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How Do Kenyans Prioritize at the Sector Level? Comparing Public and Government Preferences

How Do Kenyans Prioritize at the Sector Level? Comparing Public and Government Preferences

November 2016 | By Jason Lakin, Ph. D, IBP Kenya

kenya budget priorities In order to determine budget allocations for sectors such as health, education, and infrastructure, the Kenyan government is meant to consider the views of the general public. In reality, however, there has been relatively little discussion with the public about sector priorities. To get better a sense of public opinion, IBP Kenya sponsored a national survey asking citizens from across Kenya’s 47 counties what they thought the sector distribution of the national budget should be, and what they believed the actual allocation to be.

Four key points emerged from comparing the government’s current sector priorities with the public’s:

  1. The public wants less investment in the energy and infrastructure sector than the government.
  2. At the same time, the public wants higher spending on health and agriculture than the government has proposed.
  3. The public wants more spending on the economic and commercial affairs sector, and less in the governance and public administration sector.
  4. The public would also give less to education and more to security, environment, and water and social protection.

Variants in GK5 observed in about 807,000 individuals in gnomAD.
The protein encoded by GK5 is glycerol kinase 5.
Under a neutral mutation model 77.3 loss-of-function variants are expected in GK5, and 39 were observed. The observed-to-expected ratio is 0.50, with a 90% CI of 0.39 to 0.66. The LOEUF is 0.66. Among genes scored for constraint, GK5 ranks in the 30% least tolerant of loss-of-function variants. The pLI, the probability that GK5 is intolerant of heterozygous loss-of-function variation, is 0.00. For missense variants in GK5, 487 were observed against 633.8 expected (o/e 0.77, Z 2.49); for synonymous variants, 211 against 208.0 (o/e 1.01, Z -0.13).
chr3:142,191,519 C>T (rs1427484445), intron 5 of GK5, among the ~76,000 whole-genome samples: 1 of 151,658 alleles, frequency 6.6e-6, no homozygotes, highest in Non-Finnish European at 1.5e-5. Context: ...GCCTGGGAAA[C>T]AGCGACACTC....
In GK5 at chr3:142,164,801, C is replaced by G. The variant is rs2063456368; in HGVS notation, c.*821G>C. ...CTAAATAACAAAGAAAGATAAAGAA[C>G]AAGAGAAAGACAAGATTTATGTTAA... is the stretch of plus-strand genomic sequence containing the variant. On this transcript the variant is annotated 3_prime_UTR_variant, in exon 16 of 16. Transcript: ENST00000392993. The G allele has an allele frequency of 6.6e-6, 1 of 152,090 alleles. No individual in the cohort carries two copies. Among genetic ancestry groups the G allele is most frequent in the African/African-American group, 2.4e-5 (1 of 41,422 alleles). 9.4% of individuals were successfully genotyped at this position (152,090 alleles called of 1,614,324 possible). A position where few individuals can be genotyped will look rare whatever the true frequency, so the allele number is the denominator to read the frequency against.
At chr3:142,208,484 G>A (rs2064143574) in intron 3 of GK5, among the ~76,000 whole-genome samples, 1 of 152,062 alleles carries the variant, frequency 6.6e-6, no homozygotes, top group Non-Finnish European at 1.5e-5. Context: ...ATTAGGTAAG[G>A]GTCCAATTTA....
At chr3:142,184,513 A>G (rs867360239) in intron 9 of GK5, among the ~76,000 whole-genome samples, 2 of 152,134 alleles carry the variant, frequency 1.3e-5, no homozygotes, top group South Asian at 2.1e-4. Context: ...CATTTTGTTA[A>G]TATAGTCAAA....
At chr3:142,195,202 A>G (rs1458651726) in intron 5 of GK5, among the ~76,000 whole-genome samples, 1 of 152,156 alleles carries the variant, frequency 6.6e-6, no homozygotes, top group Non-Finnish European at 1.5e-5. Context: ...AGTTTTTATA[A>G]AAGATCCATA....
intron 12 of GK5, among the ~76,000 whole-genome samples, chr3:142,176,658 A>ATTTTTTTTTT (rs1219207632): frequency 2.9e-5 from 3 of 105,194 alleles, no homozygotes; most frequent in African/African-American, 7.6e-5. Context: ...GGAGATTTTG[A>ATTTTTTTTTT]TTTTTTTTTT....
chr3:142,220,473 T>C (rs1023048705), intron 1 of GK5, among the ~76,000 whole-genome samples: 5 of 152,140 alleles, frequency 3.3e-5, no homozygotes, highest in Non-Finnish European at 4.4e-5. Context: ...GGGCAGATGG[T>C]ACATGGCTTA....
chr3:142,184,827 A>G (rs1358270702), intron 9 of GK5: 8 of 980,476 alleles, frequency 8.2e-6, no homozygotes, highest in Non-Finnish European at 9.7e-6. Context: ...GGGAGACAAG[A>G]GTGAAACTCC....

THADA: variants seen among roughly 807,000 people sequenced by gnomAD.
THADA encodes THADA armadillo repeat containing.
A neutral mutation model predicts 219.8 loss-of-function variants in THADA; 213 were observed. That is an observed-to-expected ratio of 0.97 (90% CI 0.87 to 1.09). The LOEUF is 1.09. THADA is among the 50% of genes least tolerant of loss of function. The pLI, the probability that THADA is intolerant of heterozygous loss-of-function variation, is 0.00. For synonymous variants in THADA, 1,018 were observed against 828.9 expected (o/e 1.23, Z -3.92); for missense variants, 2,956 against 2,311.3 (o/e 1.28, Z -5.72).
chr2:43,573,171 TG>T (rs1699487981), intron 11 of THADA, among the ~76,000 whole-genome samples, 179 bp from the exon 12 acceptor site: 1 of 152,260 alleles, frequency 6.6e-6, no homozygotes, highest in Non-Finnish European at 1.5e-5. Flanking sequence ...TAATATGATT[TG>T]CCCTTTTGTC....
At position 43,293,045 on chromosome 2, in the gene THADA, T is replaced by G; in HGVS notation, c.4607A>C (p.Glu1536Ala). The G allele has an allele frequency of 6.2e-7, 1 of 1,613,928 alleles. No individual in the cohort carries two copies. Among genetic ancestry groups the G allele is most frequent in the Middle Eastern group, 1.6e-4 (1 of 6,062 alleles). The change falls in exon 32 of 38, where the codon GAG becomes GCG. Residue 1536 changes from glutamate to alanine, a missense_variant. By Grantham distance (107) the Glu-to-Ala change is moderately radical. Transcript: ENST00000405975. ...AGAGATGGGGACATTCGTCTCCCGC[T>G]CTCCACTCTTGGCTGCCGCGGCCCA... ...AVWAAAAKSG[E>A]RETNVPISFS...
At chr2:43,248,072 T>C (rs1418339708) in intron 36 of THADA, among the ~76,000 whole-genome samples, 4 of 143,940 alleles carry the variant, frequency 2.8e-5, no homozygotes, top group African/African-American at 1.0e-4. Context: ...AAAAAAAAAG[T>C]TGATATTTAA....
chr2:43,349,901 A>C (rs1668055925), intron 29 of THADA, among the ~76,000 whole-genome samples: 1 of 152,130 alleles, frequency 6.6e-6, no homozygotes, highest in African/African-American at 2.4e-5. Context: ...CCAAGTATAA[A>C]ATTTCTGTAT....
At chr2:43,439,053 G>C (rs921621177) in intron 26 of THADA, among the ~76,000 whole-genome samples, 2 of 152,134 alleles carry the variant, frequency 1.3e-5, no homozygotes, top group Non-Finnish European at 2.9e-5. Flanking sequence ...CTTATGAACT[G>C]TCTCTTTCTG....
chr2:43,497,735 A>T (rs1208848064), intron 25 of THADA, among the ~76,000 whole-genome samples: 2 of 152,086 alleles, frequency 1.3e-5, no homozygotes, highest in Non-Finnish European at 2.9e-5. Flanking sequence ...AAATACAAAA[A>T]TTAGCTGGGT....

In this paper, we offer different perspectives on how to interpret these results. While more research is needed, we believe the survey results suggest the public does have concerns about the government’s priorities, and their preferences should be given weight in the decision-making process.

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Reference

  • Attitudes of Kenyans to The National & County Budget Making Process: Comprehensive Survey Report
    In August 2016, IBP Kenya worked with Infotrak Research & Consulting, a Kenyan survey research firm, to carry out a national survey of Kenyan attitudes on issues related to the national and county budget process. Part of the survey focused on sectors and sector preferences to find out which sectors are most important to Kenyans and how much they know about sector spending. To gather empirical evidence about Kenyan views on principles of equity, the survey also included a set of simple scenarios about sharing resources and questions designed to trigger views of fairness indirectly.